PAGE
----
extravagant compensation packages altogether
— freeing up money to be invested in care. But
even if high pay continues, at least health insurers
will have to pay taxes on it — like the $72 million
they had to pay for 2013.
And what could that $72 million pay for?
Dental care for 262,000 people for an entire
year. Or the annual deductible for 28,000 Ameri-
cans for an entire year.
In addition to closing the pay loophole, the
Affordable Care Act also requires health insurers
to spend at least 80 percent of customer premi-
ums on health care.
More than 10 million Americans have already
gained coverage because of the new law. That it’s
also holding the profit-making side of the health
care industry accountable is a great bonus for all
of us.
OtherWords columnist Marjorie E. Wood is a
senior economic policy associate at the Institute for
Policy Studies, the managing editor of Inequality.
org, and the co-author of Executive Excess 2014:
The Obamacare Prescription for Bloated CEO
Pay, a new Institute for Policy Studies report.
The Champion FreePress, Friday, Sept. 5, 2014 Page 5A

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We sincerely appreciate the discussion surrounding this and
any issue of interest to DeKalb County. The Champion was
founded in 1991 expressly to provide a forum for discourse
for all community residents on all sides of an issue. We have
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to effect a more educated citizenry that will ultimately move
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assumptions penned as fact.
Unrested over Michael Brown
The world is full of unrest; every time you
turn around there are wars, killings, senseless
deaths, crimes and stupid challenges—all of
which we take very personally. Why? Because it
threatens our way of life; you just know that some
way, somehow, the craziness that happens outside
of your home may just one day find its way onto
your doorstep and we would much rather it stop
before it gets that far.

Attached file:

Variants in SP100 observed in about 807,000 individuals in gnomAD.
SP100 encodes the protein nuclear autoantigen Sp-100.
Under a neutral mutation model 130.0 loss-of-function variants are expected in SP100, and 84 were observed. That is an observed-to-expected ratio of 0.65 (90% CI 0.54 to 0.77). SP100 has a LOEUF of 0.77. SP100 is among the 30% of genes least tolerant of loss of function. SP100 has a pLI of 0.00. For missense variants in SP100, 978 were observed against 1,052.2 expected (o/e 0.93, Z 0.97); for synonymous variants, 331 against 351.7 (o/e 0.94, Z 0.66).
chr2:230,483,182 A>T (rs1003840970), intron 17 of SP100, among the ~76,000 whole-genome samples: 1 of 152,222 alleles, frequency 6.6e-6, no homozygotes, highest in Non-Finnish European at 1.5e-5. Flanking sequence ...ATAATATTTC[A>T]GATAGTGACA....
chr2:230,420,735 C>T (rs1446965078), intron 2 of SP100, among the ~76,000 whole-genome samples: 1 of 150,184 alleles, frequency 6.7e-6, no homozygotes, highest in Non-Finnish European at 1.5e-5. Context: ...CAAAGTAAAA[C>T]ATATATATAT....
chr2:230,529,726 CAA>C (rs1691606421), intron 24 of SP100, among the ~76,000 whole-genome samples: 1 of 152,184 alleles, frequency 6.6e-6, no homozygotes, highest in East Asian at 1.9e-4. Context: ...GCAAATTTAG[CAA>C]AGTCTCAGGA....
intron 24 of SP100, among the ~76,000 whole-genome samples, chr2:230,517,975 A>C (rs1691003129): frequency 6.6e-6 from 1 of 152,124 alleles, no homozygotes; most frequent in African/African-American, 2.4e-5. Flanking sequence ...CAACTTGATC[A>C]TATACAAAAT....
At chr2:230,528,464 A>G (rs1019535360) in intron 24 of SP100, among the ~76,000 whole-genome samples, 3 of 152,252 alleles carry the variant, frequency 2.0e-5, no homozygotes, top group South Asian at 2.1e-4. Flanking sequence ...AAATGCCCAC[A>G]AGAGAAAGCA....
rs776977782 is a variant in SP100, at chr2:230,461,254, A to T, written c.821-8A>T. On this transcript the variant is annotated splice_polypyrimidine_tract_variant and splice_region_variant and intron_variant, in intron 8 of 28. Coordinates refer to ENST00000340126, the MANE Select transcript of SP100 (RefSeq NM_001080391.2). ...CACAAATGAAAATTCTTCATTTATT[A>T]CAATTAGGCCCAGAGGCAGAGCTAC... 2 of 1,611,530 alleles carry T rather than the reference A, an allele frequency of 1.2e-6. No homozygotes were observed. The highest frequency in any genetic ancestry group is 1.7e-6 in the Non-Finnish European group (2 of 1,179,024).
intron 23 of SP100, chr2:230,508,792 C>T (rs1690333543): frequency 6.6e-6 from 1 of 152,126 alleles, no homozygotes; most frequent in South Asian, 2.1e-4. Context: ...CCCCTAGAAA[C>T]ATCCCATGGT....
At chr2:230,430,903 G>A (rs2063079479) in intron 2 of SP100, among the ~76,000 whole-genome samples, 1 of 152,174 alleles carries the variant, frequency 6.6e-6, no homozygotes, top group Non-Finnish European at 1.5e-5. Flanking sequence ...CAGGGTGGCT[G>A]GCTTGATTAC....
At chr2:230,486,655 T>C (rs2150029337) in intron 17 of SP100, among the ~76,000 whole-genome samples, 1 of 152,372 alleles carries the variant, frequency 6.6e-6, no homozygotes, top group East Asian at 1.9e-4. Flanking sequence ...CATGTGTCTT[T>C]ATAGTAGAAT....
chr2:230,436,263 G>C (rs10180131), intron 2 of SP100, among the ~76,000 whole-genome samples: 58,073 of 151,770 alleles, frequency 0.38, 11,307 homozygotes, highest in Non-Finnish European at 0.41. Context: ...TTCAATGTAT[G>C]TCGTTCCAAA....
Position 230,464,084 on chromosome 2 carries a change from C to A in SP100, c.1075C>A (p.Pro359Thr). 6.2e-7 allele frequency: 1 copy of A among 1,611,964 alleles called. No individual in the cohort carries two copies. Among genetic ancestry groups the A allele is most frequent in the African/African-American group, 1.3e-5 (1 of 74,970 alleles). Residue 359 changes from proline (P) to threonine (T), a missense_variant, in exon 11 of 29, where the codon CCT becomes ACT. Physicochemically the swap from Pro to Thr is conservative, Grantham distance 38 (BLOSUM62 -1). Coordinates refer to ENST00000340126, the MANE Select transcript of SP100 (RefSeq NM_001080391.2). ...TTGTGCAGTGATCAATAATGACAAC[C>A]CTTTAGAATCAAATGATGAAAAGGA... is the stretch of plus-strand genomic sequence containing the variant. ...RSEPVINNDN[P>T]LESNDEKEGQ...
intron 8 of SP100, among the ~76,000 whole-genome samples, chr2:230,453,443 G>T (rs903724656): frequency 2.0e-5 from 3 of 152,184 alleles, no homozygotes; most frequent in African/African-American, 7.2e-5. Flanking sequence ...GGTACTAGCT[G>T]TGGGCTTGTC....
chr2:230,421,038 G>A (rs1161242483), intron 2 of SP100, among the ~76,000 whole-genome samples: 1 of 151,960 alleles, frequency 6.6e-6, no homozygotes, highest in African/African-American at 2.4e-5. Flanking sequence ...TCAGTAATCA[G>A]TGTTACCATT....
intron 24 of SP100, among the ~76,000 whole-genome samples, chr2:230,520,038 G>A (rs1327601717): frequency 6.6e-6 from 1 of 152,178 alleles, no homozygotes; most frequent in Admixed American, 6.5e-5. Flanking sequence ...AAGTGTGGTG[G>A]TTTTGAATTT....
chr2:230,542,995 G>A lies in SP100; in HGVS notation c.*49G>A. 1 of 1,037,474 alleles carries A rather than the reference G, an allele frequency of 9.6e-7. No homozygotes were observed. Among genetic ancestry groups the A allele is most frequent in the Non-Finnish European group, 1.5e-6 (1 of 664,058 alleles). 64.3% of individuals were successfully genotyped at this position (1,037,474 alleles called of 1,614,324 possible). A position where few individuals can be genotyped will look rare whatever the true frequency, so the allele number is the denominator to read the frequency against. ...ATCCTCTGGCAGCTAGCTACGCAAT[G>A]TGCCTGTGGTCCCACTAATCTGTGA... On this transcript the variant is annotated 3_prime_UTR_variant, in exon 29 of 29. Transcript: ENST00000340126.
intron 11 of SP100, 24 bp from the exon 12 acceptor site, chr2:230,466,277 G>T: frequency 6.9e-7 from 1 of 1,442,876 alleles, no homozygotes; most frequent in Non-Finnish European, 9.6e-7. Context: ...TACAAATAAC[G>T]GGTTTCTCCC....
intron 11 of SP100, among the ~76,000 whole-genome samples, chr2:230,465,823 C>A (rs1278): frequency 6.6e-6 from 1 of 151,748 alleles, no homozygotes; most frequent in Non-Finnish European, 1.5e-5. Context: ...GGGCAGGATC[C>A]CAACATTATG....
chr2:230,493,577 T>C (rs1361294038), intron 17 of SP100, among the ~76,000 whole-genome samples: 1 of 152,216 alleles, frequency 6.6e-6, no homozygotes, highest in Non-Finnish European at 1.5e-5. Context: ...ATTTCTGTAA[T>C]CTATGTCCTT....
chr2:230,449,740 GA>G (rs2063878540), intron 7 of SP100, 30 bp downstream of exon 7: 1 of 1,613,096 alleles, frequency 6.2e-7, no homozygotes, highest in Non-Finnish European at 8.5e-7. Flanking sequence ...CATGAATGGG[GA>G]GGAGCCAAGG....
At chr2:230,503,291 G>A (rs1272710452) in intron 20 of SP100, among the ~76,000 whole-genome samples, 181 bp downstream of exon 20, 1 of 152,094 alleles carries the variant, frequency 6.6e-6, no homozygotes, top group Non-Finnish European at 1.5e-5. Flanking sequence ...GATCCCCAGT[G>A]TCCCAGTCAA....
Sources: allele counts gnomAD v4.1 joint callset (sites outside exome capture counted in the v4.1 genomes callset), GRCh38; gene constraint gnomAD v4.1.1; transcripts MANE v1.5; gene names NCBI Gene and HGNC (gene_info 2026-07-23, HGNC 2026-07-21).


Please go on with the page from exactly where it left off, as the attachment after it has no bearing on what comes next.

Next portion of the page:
When we are young things don’t resonate
with us as they do when we are older and are
personally and directly responsible for other
lives—lives that we have birthed and lives that
we have seeded. It is scary to think that there are
people out there who would think of these lives as
less than human. People who wouldn’t consider
that every person is a direct connection to
someone’s heart strings. Just because that person
has no direct connection, or blood relation to you
does not mean they are not special.
As my family sat around the TV [and] we
watched the “Unrest in Ferguson” on the news.
We watched intently, with lowered brows, heavy
hearts and swollen throats. Mike Brown, as far
as we know, is no relation to us, but we feel the
sorrow that family must be going through all the
same. We feel the anger, hurt and pain that the
people must be feeling. We feel, and anybody
with a heart must feel.
But, for anybody who is a fan of equality,
justice, fairness and civility, the feeling is deep.
There is no excuse in any situation, county, state,
country or world to continue shooting a young
man while he is down, and there is certainly no
excuse for our police to be the ones doing the
My sister raised a point which I am sure
we all can relate to. When something like this
happens the question in the minds of most Blacks
or those people who are fans of equality, justice
and fairness is, “If this were a White man or a